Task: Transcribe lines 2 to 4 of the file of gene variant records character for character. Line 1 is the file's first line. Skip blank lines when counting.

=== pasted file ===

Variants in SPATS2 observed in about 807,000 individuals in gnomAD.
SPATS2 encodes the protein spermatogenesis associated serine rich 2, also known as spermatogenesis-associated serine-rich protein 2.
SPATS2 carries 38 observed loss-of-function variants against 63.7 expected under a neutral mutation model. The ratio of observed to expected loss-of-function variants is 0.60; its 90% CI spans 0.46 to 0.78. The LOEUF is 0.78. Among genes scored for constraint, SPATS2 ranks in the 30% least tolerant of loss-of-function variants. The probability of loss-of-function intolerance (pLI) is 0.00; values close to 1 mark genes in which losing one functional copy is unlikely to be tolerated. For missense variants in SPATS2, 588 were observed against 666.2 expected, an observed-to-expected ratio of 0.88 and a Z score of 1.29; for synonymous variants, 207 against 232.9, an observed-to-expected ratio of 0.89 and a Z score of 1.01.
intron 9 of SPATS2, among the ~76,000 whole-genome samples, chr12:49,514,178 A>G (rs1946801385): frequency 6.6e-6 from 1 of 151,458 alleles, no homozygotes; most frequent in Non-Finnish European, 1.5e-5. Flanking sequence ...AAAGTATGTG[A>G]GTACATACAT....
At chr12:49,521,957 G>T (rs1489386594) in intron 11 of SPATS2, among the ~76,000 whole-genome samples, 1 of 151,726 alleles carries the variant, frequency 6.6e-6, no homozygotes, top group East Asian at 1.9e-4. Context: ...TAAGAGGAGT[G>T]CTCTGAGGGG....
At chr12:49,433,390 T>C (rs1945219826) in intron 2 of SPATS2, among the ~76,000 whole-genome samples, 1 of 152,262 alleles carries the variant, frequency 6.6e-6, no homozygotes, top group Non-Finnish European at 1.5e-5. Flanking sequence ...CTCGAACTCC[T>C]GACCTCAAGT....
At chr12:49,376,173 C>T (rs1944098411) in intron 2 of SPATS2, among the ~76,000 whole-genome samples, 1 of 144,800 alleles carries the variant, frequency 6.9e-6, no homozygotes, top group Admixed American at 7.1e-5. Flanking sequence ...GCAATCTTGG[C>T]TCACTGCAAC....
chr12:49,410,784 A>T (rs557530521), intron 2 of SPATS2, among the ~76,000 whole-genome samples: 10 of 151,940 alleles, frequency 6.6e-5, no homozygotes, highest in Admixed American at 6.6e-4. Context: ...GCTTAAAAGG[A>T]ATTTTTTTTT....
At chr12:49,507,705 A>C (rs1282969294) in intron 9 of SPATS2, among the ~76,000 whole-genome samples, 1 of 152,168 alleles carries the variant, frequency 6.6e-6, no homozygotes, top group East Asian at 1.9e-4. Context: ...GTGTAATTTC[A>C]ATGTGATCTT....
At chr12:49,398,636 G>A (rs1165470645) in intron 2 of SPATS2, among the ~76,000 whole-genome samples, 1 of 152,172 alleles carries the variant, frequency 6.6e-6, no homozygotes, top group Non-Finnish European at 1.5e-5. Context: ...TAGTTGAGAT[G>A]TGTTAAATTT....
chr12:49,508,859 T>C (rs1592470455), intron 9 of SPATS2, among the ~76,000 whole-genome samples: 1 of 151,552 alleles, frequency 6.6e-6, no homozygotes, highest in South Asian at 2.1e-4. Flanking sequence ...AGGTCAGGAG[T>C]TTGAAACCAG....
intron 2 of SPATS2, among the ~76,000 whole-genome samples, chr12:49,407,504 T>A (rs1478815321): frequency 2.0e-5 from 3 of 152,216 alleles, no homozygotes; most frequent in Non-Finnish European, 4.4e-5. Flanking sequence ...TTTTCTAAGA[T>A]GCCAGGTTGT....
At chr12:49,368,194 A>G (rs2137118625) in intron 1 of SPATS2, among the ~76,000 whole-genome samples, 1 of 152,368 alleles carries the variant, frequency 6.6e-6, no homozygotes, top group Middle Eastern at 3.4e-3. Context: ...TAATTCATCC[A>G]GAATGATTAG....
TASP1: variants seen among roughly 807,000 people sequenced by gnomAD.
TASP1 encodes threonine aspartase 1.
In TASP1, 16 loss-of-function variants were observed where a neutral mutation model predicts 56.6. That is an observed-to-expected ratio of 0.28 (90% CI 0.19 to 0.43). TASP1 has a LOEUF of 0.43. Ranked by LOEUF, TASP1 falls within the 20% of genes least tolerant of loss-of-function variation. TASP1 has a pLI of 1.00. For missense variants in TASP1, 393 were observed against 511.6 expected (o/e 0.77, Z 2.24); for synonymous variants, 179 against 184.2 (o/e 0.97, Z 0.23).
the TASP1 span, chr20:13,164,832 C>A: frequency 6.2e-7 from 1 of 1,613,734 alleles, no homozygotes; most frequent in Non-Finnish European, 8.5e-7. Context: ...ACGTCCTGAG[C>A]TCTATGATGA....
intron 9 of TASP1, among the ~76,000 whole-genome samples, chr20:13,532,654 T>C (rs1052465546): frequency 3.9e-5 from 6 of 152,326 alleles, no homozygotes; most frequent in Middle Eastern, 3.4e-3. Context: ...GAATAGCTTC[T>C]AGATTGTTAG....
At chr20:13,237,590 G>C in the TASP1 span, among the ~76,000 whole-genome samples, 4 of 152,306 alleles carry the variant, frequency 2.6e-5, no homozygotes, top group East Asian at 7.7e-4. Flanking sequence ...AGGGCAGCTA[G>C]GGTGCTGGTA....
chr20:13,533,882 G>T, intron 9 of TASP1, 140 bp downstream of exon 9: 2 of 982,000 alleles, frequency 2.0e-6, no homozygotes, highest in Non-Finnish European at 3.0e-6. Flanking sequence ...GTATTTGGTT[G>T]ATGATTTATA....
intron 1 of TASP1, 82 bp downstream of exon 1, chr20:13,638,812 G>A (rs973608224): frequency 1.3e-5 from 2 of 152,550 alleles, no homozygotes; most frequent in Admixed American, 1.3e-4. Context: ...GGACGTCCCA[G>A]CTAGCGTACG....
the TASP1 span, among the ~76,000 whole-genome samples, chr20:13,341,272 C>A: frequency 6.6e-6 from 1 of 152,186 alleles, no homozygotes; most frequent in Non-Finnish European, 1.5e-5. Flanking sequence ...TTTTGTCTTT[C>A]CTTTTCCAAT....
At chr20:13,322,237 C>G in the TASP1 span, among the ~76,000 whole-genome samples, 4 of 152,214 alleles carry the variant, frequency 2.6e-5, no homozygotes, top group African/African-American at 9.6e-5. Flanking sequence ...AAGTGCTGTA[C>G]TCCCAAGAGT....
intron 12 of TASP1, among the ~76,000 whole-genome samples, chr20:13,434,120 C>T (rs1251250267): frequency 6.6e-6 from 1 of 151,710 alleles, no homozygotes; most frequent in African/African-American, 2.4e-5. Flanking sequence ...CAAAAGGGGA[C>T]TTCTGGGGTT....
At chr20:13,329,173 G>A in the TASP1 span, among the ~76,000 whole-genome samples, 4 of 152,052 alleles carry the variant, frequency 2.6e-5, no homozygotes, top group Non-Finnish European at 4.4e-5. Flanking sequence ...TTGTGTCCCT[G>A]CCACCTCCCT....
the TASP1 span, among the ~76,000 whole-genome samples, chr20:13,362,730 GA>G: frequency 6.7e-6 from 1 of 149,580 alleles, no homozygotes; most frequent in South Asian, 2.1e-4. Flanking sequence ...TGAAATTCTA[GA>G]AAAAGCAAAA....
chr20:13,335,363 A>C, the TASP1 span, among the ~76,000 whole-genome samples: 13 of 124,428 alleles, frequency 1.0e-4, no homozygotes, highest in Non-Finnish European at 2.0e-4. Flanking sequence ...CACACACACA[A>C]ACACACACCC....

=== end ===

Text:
SPATS2 encodes the protein spermatogenesis associated serine rich 2, also known as spermatogenesis-associated serine-rich protein 2.
SPATS2 carries 38 observed loss-of-function variants against 63.7 expected under a neutral mutation model. The ratio of observed to expected loss-of-function variants is 0.60; its 90% CI spans 0.46 to 0.78. The LOEUF is 0.78. Among genes scored for constraint, SPATS2 ranks in the 30% least tolerant of loss-of-function variants. The probability of loss-of-function intolerance (pLI) is 0.00; values close to 1 mark genes in which losing one functional copy is unlikely to be tolerated. For missense variants in SPATS2, 588 were observed against 666.2 expected, an observed-to-expected ratio of 0.88 and a Z score of 1.29; for synonymous variants, 207 against 232.9, an observed-to-expected ratio of 0.89 and a Z score of 1.01.
intron 9 of SPATS2, among the ~76,000 whole-genome samples, chr12:49,514,178 A>G (rs1946801385): frequency 6.6e-6 from 1 of 151,458 alleles, no homozygotes; most frequent in Non-Finnish European, 1.5e-5. Flanking sequence ...AAAGTATGTG[A>G]GTACATACAT....